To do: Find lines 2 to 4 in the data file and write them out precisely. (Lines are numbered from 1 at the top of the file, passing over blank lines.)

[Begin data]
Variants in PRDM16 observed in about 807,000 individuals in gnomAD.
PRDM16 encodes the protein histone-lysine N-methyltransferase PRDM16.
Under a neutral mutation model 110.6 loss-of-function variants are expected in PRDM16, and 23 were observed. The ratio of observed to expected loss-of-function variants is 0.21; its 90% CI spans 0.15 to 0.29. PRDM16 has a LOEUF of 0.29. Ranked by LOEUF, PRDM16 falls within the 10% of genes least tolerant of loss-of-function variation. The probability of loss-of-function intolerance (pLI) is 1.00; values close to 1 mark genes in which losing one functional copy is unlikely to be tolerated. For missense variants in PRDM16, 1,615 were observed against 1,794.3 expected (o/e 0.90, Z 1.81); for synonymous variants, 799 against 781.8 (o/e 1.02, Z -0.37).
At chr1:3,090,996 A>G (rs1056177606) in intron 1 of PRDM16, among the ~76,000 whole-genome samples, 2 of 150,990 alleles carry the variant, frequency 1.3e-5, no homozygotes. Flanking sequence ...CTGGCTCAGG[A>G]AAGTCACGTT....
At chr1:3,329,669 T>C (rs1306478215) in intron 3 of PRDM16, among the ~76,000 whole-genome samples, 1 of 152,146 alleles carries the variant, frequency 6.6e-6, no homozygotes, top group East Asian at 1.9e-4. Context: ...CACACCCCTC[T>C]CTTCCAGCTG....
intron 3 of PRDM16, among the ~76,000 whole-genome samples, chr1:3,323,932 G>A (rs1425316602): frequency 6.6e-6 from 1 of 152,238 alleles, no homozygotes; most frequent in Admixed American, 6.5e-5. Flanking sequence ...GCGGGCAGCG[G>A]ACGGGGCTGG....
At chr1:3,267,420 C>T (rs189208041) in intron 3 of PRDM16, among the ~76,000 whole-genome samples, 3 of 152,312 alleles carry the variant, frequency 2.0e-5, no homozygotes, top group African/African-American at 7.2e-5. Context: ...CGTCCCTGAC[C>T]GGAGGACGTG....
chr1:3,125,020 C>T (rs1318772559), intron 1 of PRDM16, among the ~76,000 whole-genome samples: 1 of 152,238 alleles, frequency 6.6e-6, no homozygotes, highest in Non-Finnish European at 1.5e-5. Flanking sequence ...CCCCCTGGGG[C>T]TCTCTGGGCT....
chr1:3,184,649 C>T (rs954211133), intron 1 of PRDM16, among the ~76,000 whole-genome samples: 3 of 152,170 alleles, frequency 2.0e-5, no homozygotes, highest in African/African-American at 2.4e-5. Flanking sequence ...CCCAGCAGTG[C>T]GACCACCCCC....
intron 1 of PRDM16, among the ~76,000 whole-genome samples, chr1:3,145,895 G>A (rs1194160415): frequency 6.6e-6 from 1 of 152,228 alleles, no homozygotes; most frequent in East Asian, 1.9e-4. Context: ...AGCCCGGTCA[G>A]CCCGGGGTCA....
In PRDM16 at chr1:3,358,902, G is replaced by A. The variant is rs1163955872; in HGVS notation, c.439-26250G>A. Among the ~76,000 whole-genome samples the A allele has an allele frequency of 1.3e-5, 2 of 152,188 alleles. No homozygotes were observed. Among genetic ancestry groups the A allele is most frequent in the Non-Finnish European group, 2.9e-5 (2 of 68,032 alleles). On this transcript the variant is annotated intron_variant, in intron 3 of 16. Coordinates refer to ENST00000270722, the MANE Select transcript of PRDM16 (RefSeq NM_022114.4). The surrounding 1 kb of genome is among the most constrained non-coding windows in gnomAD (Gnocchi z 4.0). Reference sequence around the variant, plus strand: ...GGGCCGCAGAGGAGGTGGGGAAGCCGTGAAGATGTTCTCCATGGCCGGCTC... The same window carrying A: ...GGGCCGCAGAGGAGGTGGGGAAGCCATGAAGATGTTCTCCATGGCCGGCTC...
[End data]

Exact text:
PRDM16 encodes the protein histone-lysine N-methyltransferase PRDM16.
Under a neutral mutation model 110.6 loss-of-function variants are expected in PRDM16, and 23 were observed. The ratio of observed to expected loss-of-function variants is 0.21; its 90% CI spans 0.15 to 0.29. PRDM16 has a LOEUF of 0.29. Ranked by LOEUF, PRDM16 falls within the 10% of genes least tolerant of loss-of-function variation. The probability of loss-of-function intolerance (pLI) is 1.00; values close to 1 mark genes in which losing one functional copy is unlikely to be tolerated. For missense variants in PRDM16, 1,615 were observed against 1,794.3 expected (o/e 0.90, Z 1.81); for synonymous variants, 799 against 781.8 (o/e 1.02, Z -0.37).
At chr1:3,090,996 A>G (rs1056177606) in intron 1 of PRDM16, among the ~76,000 whole-genome samples, 2 of 150,990 alleles carry the variant, frequency 1.3e-5, no homozygotes. Flanking sequence ...CTGGCTCAGG[A>G]AAGTCACGTT....